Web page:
Marjorie Taylor Greene Refuses To Reveal If She Has Been Vaccinated When Quizzed

Controversial Representative Marjorie Taylor Greene (R-GA) refused to reveal whether she has had the COVID-19 vaccine or not.

The lawmaker, 47, did not reveal her vaccine status when asked by a CBS journalist as she gave a press briefing at her office in Washington, D.C. on Tuesday.

Greene was asked whether she had been jabbed against COVID-19, prompting the Georgia Representative to give a response referring to the Health Insurance Portability and Accountability Act (HIPAA).

She said: "Well, your first question is in violation of my HIPAA rights. You see with HIPAA rights we don't have to reveal our medical records and that also involves our vaccine records."

The reporter did not press Greene on her answer regarding HIPAA and moved on to his second question.

But Greene's answer that the question itself was a "violation" of her rights underscored in the 1996 Act was not accurate, as reporters are not banned from asking people about their health information.

It is, instead, up to an individual whether they want to share information about their health publicly or not.

The Georgia lawmaker's refusal to disclose her vaccine status comes after the congresswoman reeled off claims about the vaccine, including that it left "thousands of people" with serious side effects.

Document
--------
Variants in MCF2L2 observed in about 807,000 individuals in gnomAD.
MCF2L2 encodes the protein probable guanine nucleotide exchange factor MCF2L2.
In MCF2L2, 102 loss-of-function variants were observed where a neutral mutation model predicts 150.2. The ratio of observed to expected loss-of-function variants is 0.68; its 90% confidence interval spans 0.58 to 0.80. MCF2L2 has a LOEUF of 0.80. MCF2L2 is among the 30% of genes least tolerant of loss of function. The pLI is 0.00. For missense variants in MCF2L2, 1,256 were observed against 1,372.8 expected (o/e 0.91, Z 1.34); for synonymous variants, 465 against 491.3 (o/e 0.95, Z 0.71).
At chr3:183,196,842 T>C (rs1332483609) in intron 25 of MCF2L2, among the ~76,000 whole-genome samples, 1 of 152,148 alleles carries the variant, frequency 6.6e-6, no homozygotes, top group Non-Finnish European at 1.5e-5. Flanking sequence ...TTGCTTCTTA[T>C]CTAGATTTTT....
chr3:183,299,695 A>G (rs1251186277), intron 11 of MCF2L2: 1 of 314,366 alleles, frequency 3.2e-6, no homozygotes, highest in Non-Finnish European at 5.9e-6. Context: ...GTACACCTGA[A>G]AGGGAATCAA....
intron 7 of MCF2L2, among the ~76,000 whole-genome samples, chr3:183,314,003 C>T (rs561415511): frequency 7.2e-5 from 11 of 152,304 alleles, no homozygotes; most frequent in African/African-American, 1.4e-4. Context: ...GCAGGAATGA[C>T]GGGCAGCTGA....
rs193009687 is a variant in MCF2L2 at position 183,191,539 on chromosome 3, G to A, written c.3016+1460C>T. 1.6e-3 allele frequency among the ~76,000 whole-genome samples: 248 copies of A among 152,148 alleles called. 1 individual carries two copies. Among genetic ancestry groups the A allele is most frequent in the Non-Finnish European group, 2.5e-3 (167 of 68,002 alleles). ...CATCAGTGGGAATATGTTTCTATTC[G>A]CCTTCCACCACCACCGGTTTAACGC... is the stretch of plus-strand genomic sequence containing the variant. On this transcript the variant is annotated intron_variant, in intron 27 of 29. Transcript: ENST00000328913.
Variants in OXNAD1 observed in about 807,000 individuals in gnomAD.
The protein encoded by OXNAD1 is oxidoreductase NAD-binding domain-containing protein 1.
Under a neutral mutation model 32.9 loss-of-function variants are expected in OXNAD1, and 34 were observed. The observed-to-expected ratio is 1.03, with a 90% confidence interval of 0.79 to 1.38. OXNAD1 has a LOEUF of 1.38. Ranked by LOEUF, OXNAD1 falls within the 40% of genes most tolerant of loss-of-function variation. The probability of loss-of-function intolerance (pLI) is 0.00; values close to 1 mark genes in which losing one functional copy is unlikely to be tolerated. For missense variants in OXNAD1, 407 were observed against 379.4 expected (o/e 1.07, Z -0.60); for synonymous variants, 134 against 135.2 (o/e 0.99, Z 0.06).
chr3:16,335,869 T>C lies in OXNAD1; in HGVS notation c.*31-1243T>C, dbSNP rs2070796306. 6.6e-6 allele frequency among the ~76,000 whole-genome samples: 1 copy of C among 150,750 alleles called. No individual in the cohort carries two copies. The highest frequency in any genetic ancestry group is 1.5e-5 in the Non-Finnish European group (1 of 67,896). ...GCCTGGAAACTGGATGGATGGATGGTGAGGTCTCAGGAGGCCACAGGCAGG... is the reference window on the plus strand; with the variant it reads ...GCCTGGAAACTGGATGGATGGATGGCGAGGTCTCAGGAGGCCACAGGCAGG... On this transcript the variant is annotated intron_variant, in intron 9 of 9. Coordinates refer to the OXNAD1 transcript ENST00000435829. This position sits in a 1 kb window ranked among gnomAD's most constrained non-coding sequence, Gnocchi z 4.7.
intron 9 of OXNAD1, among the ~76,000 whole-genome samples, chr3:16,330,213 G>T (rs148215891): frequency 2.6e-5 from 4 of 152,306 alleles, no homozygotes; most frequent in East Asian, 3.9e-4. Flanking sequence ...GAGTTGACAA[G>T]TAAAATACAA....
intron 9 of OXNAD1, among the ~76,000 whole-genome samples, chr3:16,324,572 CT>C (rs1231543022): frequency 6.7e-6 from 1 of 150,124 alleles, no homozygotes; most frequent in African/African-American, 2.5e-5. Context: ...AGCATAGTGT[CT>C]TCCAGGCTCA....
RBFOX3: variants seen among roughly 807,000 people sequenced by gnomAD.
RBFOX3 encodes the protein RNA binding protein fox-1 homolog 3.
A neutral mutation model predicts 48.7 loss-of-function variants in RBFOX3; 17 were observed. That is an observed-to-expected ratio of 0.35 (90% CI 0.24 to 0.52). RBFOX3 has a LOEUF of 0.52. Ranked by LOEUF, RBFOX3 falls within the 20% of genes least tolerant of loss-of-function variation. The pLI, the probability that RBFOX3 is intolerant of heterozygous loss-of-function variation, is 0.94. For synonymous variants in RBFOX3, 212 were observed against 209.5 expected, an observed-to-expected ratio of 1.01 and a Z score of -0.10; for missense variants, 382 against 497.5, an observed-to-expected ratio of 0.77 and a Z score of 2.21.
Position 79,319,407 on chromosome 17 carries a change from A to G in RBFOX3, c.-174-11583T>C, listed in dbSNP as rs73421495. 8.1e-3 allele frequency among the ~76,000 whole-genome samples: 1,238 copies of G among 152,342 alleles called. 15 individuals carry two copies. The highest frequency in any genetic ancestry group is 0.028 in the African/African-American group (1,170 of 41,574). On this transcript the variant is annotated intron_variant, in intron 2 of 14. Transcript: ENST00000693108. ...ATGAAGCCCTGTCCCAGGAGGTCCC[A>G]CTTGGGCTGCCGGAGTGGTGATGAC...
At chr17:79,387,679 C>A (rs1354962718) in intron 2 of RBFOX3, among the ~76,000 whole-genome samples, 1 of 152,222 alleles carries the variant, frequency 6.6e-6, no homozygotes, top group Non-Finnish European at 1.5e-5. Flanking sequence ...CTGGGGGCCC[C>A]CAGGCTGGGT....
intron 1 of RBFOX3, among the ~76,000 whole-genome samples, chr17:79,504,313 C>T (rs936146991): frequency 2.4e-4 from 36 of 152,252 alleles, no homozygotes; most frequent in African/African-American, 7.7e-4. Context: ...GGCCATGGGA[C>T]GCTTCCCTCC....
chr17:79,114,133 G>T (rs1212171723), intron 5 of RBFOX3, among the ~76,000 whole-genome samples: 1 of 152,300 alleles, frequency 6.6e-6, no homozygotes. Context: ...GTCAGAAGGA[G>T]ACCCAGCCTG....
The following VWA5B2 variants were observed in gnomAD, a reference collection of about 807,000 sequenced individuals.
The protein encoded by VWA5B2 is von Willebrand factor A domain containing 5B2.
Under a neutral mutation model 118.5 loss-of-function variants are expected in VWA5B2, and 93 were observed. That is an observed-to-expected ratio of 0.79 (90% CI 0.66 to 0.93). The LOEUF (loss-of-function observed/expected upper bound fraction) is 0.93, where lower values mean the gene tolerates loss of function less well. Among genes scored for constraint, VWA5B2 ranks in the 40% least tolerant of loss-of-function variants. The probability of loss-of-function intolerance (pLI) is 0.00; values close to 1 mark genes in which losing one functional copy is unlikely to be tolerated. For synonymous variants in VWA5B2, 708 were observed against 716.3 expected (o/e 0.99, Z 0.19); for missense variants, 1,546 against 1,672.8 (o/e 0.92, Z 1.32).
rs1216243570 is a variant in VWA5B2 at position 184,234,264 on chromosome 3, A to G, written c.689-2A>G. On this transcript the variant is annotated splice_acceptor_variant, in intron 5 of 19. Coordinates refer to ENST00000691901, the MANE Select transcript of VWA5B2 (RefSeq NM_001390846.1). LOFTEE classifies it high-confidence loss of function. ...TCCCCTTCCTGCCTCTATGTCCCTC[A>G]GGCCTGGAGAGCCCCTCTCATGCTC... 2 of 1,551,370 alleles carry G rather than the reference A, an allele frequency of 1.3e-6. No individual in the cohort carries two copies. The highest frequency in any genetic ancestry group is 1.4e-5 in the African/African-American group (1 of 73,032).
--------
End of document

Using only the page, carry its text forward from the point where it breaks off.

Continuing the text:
Greene has previously called on Americans to reject having the COVID-19 vaccine and used the phrase "just say no," a reference to former President Ronald Reagan's war on drugs.

In a July 11 tweet, Greene said: "Thousands of people are reporting very serious life-changing vaccine side effects from taking covid vaccines.

"5,946 deaths are reported on the CDC website. Social media is censoring their stories & the media is silent. Biden is going to homes to push shots. Just say no!"

The tweet was soon labeled as "misleading" by Twitter, which then advised people to see what health officials had to say about vaccines.

Greene also previously said door-to-door vaccination efforts should focus more on obesity, rather than getting people jabbed.

During a Tuesday news conference, she said: "If we're going to talk about going door-to-door to ask people if they've had the vaccine and offer it, then we should definitely talk to people about how to reduce obesity to get rid of...the number-one risk factor that can lead to hospitalization or death."

Greene even agreed with former first lady Michelle Obama about the need to tackle childhood obesity.

While obesity is a risk factor if infected with COVID-19, vaccines do offer a large degree of protection against the virus.

According to the CDC, some people will still get sick and even die after having both jabs, but that would be "a small percentage."

The CDC has also stated that COVID-19 vaccines are "safe and effective" and has recommended anyone offered the vaccine should get jabbed.

Newsweek has contacted Greene for comment.

U.S. Rep. Marjorie Taylor Greene
U.S. Rep. Marjorie Taylor Greene (R-GA) outside the U.S. Capitol on June 14, 2021. Rep. Greene has told people to reject President Joe Biden's door-to-door vaccination effort. Drew Angerer/Getty